The Basics: Post Judgment Modification Actions
Once the divorce has been finalized pursuant to a marital settlement agreement or ruling by the trial judge, and a final judgment is entered, the case is over. The issues have been resolved and the divorce is final. However, if a substantial change in circumstances occurs, then one party may petition the court to modify the agreement or ruling and the corresponding final judgment.
A petition for modification can be used to address new issues involving the children and/or to change alimony or child support. In petitioning to modify alimony or child support, the moving party must show three fundamental prerequisites. First, there must be a substantial change in circumstances. Second, that the change was not contemplated at the time of final judgment of dissolution. Third, the change is sufficient, material, involuntary, and permanent in nature. Pimm v. Pimm, 601 So. 2d 534, 535 (Fla. 1992).
Litigation often ensues as to whether the Petitioner meets these three elements in filing their petition for modification. For example, if an individual voluntarily retires, there are specific circumstances that a court must consider to determine if he or she is eligible for a modification. To make the determination as to whether retirement was voluntary, the court must consider the payor’s age, health, and motivation for retirement, as well as the type of work the payor performs and the age at which others engaged in that line of work normally retire. If the retirement was voluntary, then the third requirement for modification is not satisfied and the court will not modify the obligations. The Court does not want to encourage parties to retire solely to terminate prior obligations agreed to in a marital settlement agreement or pursuant to a final judgment. However, the court also does not want to force individuals to work for an unreasonable length of time solely to fulfill their prior obligations.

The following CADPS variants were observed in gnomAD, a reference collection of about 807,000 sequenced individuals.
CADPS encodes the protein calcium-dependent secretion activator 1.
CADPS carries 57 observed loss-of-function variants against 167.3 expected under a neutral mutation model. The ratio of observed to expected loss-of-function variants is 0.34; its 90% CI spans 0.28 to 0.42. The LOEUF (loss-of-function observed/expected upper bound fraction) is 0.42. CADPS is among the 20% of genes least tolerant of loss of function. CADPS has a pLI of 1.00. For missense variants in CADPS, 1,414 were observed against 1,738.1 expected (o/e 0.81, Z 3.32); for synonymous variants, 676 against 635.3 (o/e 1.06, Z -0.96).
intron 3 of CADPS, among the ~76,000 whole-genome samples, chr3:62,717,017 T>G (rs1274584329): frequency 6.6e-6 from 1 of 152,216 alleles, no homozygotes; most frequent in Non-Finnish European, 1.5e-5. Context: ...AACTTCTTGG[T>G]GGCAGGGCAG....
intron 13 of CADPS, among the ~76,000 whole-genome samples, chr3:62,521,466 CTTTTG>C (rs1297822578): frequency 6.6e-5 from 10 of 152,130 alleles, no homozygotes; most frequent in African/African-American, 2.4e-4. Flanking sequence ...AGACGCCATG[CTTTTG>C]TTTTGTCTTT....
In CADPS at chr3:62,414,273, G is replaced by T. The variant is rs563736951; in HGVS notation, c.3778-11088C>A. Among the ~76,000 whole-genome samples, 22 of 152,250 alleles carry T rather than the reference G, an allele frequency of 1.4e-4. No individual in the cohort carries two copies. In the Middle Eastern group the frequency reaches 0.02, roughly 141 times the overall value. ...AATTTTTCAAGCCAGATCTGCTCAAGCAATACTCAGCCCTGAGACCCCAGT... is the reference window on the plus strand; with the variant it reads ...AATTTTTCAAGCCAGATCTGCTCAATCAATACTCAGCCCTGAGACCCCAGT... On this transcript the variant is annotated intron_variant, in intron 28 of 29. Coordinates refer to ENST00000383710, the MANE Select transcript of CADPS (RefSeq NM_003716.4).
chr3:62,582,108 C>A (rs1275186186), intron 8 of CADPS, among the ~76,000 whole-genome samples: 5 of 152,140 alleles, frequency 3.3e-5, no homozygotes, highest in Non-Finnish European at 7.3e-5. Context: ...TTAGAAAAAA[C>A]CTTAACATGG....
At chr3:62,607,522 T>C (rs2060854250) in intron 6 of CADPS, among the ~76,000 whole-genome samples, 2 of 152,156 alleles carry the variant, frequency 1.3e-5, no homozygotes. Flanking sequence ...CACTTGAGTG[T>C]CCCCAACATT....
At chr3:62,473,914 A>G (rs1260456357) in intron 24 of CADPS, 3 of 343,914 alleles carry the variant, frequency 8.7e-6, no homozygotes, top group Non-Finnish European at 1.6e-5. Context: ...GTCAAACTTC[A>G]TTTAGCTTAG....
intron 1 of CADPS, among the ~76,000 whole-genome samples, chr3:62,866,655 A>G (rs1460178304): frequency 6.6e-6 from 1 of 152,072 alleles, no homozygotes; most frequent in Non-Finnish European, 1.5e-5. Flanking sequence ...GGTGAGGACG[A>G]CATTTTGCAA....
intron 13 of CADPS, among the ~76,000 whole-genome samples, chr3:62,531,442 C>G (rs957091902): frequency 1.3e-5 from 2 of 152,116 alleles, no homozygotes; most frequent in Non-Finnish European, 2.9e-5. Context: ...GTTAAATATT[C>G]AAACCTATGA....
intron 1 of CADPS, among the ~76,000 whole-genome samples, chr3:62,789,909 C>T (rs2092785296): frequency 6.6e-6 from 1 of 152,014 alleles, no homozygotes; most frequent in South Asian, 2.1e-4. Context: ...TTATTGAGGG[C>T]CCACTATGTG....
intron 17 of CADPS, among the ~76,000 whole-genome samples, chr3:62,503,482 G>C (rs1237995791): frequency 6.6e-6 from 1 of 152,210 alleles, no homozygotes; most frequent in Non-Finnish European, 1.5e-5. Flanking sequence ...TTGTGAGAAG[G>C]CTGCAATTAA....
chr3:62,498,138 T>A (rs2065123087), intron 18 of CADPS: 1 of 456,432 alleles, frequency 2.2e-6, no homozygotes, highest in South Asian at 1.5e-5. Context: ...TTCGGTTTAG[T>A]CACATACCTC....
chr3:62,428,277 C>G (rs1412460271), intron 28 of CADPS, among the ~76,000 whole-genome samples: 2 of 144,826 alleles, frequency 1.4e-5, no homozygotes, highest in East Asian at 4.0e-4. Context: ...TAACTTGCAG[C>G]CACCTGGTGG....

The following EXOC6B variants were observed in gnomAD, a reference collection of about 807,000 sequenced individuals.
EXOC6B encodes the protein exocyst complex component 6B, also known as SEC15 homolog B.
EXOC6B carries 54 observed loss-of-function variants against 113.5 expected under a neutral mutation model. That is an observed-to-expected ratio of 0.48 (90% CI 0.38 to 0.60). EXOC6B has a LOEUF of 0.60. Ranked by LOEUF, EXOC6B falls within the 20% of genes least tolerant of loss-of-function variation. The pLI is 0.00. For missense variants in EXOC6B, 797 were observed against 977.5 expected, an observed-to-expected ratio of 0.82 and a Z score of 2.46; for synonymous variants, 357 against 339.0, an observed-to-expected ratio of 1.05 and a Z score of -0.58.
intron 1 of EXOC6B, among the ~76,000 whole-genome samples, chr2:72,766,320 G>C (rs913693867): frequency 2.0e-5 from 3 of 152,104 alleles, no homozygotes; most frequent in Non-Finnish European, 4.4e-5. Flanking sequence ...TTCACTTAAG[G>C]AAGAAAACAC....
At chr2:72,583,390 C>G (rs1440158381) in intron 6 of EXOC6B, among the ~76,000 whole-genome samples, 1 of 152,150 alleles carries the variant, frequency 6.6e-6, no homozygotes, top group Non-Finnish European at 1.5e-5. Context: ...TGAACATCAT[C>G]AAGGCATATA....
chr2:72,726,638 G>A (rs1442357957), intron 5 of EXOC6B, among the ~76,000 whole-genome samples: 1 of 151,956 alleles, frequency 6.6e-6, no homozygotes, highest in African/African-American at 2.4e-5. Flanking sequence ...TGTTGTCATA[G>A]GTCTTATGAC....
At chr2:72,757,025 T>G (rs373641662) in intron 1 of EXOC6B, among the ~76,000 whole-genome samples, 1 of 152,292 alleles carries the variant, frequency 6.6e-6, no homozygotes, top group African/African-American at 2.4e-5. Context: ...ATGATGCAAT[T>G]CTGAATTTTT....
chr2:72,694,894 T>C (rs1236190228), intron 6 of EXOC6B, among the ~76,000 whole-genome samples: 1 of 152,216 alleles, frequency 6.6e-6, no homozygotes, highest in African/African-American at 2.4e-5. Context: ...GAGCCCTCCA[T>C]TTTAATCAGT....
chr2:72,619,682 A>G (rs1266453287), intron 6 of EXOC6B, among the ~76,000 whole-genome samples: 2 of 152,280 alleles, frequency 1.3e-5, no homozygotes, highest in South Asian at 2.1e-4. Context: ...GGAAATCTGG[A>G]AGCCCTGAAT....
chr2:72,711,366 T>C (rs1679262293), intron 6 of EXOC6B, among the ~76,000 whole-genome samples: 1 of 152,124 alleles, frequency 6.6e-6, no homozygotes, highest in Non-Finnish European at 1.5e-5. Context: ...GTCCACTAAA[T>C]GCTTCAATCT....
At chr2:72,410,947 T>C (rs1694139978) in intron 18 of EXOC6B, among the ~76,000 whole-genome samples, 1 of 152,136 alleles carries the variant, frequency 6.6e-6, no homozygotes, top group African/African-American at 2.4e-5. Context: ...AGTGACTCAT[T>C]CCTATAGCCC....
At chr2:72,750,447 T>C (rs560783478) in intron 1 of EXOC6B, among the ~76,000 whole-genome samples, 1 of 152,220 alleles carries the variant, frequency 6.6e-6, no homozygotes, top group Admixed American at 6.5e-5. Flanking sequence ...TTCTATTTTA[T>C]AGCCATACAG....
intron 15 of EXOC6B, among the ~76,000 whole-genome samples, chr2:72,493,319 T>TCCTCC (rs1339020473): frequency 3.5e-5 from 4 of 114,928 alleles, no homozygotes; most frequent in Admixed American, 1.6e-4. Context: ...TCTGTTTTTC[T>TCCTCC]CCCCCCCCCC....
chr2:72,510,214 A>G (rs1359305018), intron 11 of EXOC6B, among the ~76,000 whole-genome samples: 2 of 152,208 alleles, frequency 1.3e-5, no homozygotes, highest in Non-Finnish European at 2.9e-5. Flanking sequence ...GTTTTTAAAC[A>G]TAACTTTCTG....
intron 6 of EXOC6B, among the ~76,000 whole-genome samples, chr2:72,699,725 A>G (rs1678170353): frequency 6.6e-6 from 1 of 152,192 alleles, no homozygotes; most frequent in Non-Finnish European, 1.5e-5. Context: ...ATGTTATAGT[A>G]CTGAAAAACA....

Another common occurrence is that one party loses his or her job and is unable to find similar employment. If the unemployment or reduction in income is permanent, you must file a petition for modification to reduce the amount of alimony or child support you are required to pay. If you fail to file this petition, then your court ordered obligation will not change and you will continue to be responsible for paying the full amount ordered. Failure to pay the full amount could result in sanctions and contempt.
In order to obtain a modification of custody or timesharing, the moving party must establish (1) that there has been a substantial change in the condition of one or both parties, and (2) that the change in custody serves the best interests of the child. Furthermore, the substantial change must be one that was not reasonably contemplated at the time of the original judgment. This rule promotes the finality of the judicial determination of the custody of children. Langdon v. Langdon, 96 So. 3d 1053, (Fla. 1st DCA 2012). This standard also applies to any change regarding issues of the children.
When filing a petition for modification, it is imperative that the petition specifically identify the change in circumstances and make clear that the circumstances did not exist at the time of the final judgment or of the last order dealing with the issue.
In most counties in Central Florida, modification actions follow a similar track as the prior divorce action. The parties will typically be required to attend mediation prior to going before a judge to resolve the matter. If settlement negotiations are unsuccessful, then a trial will be set and a judge will rule on the matter. However, if the petition does not outline the proper elements required to modify a prior judgment, the opposing party could move for a directed verdict and have the petition dismissed without the judge ruling on the evidence.
Prior to filing a petition for modification, it is best practice to gather all of the documents and evidence necessary to prove your case. This will save you time and money when it comes to conducting discovery down the road. It also allows your attorney to properly review the evidence to establish that there is a colorable basis for a modification. Additionally, be aware that failure to comply with a prior agreement or with a final judgment does not, by itself, provide a basis for a petition to modify. The proper relief in that case would be a motion to enforce or a motion to compel.
Finally, you cannot use a petition for modification to try to change the distribution of assets and liabilities once the court has divided them. Spousal support (alimony) and children’s issues (time sharing and child support) can be modified. Division of assets and debts cannot except in extraordinary circumstances involving fraud.